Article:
Gold is alloyed with other metals to make it stronger and more affordable. White gold is gold alloyed with a white or silver metal such as fine silver, nickel or palladium. All gold jewellery should bear a stamp or mark specifying the carat. The carat system indicates the gold content in parts of 24. For example 10-karat gold contains 10 parts gold and 14 parts of another metal.
24 carat is pure gold. It is not often used in jewellery because it is too soft and would break or bend during wear. It is marked with "24K."
18 carat is occasionally used in earrings or other pieces of jewellery that are less likely to be banged or bumped during wear. It is marked with "18K."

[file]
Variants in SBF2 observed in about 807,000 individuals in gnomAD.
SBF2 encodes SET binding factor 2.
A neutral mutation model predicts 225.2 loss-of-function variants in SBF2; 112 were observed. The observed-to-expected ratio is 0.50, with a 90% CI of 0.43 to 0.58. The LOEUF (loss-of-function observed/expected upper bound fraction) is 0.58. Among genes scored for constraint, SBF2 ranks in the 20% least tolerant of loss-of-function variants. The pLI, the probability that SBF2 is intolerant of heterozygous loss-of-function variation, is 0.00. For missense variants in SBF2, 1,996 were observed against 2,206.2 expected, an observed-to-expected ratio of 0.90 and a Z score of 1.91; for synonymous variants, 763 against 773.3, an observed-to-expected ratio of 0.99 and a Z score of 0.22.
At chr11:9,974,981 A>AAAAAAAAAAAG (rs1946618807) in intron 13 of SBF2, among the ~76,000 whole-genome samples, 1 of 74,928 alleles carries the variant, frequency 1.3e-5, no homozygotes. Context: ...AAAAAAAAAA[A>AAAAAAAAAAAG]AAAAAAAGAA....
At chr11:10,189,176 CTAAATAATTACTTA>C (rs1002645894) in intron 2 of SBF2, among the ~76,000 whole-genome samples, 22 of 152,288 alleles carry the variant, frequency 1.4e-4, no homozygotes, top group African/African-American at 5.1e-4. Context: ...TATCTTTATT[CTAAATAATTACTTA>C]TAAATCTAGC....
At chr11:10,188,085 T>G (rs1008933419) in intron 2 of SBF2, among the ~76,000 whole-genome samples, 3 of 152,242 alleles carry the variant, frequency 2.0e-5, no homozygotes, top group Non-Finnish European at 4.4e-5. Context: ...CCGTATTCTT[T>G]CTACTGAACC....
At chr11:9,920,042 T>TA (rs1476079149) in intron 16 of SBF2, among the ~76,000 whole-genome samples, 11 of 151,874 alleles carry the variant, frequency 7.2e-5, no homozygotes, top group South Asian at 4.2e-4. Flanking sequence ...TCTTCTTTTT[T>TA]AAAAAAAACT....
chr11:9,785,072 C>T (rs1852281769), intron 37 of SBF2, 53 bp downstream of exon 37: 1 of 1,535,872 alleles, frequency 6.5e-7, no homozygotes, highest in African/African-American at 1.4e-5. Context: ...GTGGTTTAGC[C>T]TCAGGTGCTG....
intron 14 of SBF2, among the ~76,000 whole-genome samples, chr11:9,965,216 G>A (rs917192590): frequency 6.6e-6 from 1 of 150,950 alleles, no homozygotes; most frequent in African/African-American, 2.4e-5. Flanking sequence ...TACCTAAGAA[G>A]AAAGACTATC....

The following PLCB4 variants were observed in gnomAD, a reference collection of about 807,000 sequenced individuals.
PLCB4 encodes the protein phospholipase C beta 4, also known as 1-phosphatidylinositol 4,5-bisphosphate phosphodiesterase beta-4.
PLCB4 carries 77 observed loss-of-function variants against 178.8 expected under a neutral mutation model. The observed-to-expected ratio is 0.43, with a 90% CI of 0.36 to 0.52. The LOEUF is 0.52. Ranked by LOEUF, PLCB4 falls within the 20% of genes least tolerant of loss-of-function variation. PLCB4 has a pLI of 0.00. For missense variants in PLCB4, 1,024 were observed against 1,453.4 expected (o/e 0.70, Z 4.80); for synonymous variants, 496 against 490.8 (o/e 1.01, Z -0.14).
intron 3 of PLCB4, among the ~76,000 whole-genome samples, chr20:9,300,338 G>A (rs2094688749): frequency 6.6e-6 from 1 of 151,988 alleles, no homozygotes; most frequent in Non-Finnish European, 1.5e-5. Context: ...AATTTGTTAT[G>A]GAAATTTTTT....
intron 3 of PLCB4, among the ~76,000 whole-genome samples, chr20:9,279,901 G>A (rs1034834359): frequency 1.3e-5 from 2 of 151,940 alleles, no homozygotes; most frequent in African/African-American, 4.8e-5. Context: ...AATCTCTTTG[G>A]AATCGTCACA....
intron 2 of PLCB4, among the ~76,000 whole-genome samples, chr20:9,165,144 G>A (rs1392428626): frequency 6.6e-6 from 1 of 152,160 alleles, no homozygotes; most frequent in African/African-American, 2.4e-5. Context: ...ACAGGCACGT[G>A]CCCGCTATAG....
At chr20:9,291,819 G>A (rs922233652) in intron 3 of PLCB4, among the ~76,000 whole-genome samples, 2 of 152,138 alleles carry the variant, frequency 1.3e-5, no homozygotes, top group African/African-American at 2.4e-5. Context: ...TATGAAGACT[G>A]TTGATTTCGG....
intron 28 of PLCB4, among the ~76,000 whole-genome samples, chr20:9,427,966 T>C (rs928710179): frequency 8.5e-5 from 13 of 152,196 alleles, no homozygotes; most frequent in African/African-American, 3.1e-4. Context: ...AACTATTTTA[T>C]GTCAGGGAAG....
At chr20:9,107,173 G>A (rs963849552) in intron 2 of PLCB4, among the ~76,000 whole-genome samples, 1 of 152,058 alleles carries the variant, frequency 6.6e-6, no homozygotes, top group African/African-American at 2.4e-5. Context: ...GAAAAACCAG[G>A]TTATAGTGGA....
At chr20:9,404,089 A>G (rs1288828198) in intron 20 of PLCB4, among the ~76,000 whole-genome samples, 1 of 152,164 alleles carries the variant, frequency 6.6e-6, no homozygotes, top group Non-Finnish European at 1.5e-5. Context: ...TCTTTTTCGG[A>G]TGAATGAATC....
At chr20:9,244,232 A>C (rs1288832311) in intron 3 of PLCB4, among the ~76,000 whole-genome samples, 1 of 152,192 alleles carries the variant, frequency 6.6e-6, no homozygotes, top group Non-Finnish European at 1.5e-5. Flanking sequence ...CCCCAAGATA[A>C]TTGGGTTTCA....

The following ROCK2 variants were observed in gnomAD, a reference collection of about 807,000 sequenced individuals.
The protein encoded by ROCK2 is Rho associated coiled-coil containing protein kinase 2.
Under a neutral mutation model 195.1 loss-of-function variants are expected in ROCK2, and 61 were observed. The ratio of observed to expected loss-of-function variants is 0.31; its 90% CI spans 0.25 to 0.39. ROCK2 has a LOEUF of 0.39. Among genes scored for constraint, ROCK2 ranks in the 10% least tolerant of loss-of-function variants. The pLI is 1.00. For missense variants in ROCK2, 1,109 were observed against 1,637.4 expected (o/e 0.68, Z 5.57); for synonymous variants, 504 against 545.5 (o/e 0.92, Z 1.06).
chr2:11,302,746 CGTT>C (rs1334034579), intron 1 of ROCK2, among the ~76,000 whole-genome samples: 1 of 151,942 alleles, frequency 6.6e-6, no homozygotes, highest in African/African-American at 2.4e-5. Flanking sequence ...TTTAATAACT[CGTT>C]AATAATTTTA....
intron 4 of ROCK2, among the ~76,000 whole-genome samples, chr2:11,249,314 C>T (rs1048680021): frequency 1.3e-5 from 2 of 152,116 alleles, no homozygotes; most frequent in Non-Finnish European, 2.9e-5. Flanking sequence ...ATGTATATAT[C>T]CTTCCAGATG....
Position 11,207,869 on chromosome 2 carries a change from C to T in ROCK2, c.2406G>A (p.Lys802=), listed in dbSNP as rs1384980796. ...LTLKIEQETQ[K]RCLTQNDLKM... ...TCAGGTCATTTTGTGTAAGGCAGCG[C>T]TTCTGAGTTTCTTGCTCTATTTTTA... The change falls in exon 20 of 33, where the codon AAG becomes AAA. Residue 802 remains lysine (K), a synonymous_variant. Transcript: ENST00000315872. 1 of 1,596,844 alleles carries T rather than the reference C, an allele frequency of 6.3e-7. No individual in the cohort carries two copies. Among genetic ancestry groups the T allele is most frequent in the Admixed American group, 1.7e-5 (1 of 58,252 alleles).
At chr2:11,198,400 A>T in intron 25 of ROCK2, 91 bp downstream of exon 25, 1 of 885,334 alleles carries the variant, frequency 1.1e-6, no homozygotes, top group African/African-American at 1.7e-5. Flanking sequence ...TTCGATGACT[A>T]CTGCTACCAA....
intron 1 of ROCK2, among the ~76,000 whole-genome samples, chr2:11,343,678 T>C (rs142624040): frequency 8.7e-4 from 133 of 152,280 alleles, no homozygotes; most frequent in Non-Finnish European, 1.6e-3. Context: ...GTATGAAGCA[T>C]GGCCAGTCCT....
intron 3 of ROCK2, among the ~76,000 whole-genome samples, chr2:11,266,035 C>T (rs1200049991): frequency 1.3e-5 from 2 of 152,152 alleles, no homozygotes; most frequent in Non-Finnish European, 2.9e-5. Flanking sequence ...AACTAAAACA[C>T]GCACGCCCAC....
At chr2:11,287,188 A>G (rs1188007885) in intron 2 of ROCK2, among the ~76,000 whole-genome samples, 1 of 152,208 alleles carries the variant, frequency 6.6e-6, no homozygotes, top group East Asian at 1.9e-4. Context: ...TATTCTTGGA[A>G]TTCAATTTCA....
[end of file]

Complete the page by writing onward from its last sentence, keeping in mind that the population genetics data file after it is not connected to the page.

14 carat is the most commonly used carat for jewellery, including rings, necklaces and bracelets. It is marked with "14K."
10 carat is the lowest carat that may be sold as gold jewellery. It is sometimes used in rings because it is much stronger than the higher alloys. It is marked with "10K."
Gold-filled or gold-plated jewellery has very thin outer layers of gold with an inner layer of a base metal such as nickel. These pieces will be marked as "GF" or "GP," sometimes with a carat accompanying it such as "14K GF." Do not mistake this for gold jewellery, as it does not contain the minimum requirements of gold to be sold as such.